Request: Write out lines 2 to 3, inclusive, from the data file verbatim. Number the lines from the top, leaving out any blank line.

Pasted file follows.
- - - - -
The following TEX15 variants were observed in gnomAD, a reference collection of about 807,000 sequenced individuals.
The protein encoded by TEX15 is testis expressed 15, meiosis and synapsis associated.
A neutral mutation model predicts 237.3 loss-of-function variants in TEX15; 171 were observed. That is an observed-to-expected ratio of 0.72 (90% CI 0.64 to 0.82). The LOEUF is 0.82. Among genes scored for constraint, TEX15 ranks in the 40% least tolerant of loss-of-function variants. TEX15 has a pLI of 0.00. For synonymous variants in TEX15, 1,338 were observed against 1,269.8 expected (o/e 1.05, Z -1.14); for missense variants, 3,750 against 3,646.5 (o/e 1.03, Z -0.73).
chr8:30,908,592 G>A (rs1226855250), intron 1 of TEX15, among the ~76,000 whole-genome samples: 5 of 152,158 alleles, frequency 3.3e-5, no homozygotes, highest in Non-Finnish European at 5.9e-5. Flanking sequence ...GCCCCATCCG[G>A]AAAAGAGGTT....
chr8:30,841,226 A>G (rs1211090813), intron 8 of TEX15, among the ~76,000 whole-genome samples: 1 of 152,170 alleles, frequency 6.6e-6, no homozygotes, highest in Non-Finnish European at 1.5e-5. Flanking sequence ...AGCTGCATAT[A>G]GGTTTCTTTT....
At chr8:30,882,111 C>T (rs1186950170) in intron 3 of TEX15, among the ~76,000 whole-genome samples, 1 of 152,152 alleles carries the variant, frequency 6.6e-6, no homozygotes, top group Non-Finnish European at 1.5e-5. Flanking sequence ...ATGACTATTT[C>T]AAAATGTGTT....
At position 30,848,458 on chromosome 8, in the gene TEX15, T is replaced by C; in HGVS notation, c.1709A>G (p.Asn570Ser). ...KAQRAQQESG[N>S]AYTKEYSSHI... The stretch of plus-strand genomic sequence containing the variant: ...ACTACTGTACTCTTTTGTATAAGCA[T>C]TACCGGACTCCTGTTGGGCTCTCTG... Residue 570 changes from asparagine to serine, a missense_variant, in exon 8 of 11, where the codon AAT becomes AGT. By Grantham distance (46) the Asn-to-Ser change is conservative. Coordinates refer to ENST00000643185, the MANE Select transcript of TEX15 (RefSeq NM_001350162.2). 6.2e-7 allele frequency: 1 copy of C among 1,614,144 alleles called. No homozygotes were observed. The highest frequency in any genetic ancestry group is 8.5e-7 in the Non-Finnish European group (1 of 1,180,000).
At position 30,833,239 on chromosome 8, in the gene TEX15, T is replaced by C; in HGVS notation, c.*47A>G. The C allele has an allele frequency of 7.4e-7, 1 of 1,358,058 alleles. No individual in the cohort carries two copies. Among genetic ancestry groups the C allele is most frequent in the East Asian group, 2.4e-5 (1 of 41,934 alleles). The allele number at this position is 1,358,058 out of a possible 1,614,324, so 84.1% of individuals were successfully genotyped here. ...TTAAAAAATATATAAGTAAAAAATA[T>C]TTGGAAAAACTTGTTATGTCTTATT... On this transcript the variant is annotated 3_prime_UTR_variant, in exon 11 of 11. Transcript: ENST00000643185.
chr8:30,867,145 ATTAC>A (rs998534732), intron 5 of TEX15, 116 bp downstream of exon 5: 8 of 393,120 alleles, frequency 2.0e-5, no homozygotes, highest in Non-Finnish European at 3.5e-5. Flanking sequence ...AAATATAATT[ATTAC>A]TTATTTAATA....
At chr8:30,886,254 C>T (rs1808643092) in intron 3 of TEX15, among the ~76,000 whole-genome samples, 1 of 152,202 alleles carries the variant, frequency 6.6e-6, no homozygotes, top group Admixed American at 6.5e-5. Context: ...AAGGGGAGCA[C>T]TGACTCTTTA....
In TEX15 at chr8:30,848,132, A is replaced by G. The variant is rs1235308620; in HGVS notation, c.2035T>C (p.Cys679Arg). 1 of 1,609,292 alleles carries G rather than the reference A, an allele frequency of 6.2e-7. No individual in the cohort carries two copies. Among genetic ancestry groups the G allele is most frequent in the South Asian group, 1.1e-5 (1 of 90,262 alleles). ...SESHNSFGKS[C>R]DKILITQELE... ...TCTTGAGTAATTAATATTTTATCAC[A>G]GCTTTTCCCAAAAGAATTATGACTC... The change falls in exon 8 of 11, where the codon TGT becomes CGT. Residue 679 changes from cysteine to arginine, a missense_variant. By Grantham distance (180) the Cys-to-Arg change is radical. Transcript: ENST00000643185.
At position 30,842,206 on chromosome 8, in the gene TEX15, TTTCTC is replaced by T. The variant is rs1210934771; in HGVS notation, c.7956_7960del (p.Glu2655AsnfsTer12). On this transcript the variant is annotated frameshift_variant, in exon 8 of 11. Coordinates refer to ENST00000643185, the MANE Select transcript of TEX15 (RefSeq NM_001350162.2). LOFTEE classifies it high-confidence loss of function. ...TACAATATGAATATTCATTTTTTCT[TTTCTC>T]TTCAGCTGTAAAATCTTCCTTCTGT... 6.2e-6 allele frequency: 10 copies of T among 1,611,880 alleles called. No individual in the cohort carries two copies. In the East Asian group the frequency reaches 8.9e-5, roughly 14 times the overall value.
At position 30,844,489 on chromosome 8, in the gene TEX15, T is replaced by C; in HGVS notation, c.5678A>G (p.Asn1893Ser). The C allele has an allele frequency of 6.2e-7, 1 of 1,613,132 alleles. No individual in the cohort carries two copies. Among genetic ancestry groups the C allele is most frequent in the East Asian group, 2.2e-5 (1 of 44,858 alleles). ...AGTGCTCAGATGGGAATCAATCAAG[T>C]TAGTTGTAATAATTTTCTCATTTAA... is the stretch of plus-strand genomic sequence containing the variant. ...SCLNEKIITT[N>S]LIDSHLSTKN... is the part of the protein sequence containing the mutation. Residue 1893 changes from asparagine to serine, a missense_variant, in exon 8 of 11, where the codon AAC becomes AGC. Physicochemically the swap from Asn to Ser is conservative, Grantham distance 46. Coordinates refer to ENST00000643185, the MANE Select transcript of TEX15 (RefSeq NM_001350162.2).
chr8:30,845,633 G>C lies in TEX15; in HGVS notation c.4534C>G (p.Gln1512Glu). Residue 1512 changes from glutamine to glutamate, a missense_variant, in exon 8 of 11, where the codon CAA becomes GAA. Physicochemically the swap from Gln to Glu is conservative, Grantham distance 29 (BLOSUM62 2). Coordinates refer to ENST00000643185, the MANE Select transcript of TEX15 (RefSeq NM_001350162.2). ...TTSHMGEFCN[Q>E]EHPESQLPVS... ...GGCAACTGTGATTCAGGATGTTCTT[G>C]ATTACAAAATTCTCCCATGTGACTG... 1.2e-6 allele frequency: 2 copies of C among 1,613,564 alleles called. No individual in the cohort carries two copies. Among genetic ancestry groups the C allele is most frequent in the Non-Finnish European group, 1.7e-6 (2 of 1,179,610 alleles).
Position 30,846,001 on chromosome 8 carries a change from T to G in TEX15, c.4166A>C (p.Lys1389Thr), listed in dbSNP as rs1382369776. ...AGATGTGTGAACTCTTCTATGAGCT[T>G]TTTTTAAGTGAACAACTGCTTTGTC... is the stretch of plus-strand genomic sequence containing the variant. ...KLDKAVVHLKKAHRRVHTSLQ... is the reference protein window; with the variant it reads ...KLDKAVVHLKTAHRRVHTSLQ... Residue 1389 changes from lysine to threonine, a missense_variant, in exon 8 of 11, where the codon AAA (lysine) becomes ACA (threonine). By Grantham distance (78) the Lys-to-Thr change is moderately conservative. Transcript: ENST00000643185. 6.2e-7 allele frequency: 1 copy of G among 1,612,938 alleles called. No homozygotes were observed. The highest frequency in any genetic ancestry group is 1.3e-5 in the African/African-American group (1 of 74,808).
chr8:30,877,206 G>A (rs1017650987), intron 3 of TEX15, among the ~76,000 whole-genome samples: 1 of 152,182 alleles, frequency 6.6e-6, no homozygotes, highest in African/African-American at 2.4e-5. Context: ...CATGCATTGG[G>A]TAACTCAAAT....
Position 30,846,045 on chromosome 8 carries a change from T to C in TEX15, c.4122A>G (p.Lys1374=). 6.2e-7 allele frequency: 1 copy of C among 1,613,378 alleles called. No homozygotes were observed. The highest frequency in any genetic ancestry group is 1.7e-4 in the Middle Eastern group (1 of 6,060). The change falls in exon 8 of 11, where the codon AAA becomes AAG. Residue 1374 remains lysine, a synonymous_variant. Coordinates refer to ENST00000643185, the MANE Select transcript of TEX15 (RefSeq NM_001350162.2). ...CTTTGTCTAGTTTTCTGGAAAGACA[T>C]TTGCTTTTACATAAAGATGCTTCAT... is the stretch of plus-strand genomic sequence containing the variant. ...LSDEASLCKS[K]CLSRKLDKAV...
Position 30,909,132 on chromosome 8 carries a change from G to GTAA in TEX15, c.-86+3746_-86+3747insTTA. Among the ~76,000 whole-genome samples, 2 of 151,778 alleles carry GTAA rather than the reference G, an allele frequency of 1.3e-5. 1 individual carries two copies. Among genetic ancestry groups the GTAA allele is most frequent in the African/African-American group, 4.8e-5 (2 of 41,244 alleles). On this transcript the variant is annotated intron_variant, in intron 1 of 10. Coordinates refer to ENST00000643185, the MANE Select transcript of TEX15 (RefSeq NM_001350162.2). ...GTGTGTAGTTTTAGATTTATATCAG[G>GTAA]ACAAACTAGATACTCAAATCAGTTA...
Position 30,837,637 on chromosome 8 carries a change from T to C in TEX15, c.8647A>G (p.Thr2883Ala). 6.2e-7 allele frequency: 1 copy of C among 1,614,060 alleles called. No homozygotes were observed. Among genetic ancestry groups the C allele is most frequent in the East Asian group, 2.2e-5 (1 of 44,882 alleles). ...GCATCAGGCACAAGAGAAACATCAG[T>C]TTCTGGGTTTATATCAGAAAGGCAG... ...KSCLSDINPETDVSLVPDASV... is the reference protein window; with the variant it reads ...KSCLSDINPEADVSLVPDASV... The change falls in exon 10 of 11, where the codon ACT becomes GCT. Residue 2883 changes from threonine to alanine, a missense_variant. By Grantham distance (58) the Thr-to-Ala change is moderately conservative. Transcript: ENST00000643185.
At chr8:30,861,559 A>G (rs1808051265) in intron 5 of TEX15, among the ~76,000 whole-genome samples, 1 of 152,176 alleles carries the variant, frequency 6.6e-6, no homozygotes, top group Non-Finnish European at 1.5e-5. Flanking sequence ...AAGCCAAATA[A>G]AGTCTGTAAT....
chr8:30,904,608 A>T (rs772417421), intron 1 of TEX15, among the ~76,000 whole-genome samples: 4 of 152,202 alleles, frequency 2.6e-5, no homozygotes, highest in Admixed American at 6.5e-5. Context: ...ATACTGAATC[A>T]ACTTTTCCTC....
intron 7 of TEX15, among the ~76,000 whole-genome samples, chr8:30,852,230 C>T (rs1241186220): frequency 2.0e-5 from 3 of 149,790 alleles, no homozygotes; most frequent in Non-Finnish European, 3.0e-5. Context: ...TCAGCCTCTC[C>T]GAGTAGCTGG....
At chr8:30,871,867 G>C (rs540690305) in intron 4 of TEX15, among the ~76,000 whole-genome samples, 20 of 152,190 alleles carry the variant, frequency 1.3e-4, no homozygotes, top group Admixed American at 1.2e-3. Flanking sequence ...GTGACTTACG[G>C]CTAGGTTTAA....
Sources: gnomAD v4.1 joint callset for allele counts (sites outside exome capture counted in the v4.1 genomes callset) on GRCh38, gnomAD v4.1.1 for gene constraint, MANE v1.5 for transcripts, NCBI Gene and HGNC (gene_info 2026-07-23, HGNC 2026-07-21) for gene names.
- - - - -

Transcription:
The protein encoded by TEX15 is testis expressed 15, meiosis and synapsis associated.
A neutral mutation model predicts 237.3 loss-of-function variants in TEX15; 171 were observed. That is an observed-to-expected ratio of 0.72 (90% CI 0.64 to 0.82). The LOEUF is 0.82. Among genes scored for constraint, TEX15 ranks in the 40% least tolerant of loss-of-function variants. TEX15 has a pLI of 0.00. For synonymous variants in TEX15, 1,338 were observed against 1,269.8 expected (o/e 1.05, Z -1.14); for missense variants, 3,750 against 3,646.5 (o/e 1.03, Z -0.73).